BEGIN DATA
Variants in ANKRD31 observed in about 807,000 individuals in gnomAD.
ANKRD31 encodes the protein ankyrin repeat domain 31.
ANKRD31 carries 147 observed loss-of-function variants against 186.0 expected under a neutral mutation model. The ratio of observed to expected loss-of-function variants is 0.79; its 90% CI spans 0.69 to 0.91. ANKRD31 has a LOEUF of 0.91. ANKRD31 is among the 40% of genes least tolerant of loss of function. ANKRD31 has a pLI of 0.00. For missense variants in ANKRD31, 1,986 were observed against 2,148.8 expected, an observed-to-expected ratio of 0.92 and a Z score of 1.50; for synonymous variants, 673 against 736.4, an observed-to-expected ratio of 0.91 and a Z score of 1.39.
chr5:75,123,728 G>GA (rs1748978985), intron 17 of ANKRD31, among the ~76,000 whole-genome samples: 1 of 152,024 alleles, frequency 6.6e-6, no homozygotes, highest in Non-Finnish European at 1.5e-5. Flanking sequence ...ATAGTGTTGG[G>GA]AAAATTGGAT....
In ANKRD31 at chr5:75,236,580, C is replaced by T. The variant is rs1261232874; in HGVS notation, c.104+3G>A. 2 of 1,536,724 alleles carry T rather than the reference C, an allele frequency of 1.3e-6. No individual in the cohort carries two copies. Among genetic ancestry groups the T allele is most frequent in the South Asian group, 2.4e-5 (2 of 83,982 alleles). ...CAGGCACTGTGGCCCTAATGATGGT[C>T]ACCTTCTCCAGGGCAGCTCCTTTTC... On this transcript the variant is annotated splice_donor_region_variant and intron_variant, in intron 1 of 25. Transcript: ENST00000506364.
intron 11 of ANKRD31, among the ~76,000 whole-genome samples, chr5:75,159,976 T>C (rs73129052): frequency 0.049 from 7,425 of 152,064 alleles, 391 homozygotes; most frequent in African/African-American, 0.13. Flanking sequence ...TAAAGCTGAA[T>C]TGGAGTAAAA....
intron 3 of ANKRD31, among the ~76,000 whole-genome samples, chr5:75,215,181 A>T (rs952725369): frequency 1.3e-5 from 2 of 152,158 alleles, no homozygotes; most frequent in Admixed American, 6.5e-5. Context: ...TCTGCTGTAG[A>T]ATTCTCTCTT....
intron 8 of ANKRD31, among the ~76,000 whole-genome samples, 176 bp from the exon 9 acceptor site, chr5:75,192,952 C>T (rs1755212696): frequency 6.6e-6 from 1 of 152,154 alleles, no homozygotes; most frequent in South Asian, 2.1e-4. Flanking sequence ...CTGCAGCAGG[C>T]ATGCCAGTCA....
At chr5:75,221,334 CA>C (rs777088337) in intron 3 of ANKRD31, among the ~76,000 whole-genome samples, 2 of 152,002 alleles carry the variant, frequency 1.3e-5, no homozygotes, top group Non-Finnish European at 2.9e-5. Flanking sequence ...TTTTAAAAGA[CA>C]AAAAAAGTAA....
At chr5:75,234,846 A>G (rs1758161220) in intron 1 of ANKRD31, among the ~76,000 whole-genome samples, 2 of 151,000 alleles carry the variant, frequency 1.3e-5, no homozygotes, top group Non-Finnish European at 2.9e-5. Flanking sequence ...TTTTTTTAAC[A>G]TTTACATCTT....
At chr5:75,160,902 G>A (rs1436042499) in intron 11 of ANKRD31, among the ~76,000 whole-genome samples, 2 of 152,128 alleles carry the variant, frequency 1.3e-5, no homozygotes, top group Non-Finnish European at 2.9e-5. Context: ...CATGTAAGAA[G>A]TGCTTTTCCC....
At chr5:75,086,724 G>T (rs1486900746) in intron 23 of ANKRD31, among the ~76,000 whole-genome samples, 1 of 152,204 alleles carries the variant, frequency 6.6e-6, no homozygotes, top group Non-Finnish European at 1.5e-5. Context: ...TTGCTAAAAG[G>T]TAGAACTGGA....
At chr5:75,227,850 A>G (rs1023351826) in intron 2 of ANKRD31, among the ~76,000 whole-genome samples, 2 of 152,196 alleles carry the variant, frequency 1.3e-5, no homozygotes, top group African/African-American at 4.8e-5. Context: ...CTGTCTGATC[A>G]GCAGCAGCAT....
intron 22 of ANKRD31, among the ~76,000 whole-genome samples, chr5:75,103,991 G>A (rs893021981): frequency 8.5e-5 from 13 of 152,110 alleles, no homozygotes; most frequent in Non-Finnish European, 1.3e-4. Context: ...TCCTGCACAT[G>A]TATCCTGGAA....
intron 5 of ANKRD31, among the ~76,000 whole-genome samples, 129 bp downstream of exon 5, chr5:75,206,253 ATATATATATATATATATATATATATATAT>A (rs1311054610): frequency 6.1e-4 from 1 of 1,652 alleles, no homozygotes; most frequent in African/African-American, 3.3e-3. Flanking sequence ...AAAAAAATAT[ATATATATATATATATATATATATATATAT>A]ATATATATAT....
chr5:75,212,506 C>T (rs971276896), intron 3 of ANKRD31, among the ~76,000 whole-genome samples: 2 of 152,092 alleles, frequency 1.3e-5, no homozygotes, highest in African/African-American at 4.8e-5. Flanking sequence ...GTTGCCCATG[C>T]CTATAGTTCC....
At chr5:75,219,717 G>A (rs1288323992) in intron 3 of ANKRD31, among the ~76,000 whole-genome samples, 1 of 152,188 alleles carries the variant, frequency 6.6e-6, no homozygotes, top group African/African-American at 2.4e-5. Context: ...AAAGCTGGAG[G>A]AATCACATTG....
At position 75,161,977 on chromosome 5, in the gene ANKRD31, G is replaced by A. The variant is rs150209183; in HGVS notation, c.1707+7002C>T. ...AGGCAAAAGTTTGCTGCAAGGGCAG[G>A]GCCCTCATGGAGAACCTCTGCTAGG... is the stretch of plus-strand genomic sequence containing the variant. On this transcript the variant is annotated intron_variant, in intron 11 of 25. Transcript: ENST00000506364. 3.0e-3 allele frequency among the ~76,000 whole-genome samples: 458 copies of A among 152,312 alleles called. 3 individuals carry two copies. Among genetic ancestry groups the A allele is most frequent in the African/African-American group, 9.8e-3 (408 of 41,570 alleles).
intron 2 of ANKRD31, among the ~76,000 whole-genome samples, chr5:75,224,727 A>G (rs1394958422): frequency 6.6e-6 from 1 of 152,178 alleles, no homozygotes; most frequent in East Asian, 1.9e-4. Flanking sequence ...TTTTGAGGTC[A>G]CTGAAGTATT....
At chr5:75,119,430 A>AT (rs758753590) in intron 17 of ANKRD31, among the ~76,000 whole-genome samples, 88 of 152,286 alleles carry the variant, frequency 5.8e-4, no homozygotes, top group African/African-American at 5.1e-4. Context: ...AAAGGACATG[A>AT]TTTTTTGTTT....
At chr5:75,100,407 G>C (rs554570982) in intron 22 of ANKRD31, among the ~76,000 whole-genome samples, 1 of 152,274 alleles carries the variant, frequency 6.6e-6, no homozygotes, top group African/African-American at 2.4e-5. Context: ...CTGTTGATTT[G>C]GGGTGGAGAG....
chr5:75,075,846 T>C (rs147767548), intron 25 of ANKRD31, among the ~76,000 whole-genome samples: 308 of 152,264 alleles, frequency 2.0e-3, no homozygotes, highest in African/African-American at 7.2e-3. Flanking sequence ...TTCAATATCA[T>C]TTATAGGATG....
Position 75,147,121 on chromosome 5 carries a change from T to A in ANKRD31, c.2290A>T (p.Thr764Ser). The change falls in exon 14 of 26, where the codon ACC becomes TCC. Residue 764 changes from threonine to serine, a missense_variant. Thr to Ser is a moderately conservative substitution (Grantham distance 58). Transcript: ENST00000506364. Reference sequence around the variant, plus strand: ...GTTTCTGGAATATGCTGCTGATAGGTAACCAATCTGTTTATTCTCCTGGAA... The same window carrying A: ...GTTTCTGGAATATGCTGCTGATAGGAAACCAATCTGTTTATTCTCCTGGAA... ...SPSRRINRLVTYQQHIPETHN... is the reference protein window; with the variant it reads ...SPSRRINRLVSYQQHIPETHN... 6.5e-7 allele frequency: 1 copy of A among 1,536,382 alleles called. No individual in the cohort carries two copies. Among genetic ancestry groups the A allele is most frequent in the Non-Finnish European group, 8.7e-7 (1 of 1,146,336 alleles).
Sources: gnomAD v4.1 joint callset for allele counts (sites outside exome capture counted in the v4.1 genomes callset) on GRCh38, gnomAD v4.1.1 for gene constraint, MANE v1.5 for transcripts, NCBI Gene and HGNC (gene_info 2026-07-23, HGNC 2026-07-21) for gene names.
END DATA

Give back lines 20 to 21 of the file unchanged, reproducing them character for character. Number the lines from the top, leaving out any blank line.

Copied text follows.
At chr5:75,119,430 A>AT (rs758753590) in intron 17 of ANKRD31, among the ~76,000 whole-genome samples, 88 of 152,286 alleles carry the variant, frequency 5.8e-4, no homozygotes, top group African/African-American at 5.1e-4. Context: ...AAAGGACATG[A>AT]TTTTTTGTTT....
At chr5:75,100,407 G>C (rs554570982) in intron 22 of ANKRD31, among the ~76,000 whole-genome samples, 1 of 152,274 alleles carries the variant, frequency 6.6e-6, no homozygotes, top group African/African-American at 2.4e-5. Context: ...CTGTTGATTT[G>C]GGGTGGAGAG....